Podunk would, presumably, be in the situation of any renter of a building, in no position to be asking for funding for repair of the building. I’m assuming that building owners are the ones responsible for their buildings, no?

    • Gregory Kusnick
      Posted February 20, 2013 at 2:29 pm | Permalink

      These nonprofits get taxpayer money already. Government grants are an important source of revenue for such institutions (just as they are for private research universities). The government also loses tax revenue on private donations to nonprofits. The whole point of nonprofits is that they’re not in business to make money, but to serve a public good, for which they’re entitled to public support.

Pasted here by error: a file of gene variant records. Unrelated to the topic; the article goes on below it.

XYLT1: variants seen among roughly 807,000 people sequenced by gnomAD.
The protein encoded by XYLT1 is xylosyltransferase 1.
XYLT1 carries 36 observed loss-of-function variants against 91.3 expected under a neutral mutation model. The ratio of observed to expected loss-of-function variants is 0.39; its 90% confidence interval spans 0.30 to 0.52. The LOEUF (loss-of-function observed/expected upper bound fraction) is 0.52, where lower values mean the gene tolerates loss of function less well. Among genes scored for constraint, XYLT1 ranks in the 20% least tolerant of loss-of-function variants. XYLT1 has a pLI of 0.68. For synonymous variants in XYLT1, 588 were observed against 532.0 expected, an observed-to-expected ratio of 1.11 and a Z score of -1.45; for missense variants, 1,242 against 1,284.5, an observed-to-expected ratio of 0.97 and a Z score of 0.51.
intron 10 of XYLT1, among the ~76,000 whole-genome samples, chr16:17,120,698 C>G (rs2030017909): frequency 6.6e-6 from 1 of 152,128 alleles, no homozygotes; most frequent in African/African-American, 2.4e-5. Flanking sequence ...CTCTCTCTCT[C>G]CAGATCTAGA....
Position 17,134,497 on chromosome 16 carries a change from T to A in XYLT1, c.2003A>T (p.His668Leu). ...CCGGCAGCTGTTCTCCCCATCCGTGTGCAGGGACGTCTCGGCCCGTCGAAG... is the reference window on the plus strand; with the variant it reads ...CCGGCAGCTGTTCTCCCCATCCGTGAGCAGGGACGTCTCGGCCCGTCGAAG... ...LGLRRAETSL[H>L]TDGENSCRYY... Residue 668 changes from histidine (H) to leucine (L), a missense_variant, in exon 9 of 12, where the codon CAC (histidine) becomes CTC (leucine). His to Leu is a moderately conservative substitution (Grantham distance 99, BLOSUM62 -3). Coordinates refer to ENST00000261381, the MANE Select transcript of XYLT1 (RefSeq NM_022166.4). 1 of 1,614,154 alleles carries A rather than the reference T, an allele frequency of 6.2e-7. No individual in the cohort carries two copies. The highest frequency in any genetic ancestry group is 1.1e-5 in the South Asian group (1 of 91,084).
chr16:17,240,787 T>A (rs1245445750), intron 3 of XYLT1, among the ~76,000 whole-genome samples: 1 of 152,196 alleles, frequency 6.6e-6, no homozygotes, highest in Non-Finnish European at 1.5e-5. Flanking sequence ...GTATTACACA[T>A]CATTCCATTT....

And as part of the bargain, nonprofits that receive public funds must typically agree to open-access policies mandated by the granting agencies.

  6. neil
    Posted February 20, 2013 at 1:50 pm | Permalink

    If Sandy damaged their churches, it is their own damn fault. Obviously they did not pray hard enough.

    • Posted February 20, 2013 at 5:07 pm | Permalink

      Destruction on this scale is an act of God. If God wanted these churches flattened so bad it seems perverse to pay tax dollars to rebuild them. Leave the ruins as a reminder to people that it is foolish to worship a wrathful God.

  7. still learning
    Posted February 20, 2013 at 2:43 pm | Permalink